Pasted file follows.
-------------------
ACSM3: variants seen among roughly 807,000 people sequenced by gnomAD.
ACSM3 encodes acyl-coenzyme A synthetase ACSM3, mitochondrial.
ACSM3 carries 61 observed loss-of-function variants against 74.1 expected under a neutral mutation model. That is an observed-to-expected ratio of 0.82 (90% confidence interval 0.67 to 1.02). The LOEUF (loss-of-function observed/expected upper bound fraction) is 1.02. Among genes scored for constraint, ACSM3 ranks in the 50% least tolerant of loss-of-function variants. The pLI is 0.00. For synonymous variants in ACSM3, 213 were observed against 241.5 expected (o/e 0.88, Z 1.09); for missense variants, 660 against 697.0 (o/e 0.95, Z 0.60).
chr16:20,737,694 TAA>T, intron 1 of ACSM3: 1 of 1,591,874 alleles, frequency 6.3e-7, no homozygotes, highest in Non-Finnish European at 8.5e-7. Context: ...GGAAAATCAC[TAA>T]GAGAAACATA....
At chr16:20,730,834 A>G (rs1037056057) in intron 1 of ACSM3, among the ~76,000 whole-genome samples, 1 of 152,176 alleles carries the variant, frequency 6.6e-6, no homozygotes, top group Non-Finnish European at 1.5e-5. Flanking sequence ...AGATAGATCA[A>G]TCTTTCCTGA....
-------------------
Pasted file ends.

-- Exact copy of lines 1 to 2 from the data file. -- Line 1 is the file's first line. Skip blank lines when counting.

ACSM3: variants seen among roughly 807,000 people sequenced by gnomAD.
ACSM3 encodes acyl-coenzyme A synthetase ACSM3, mitochondrial.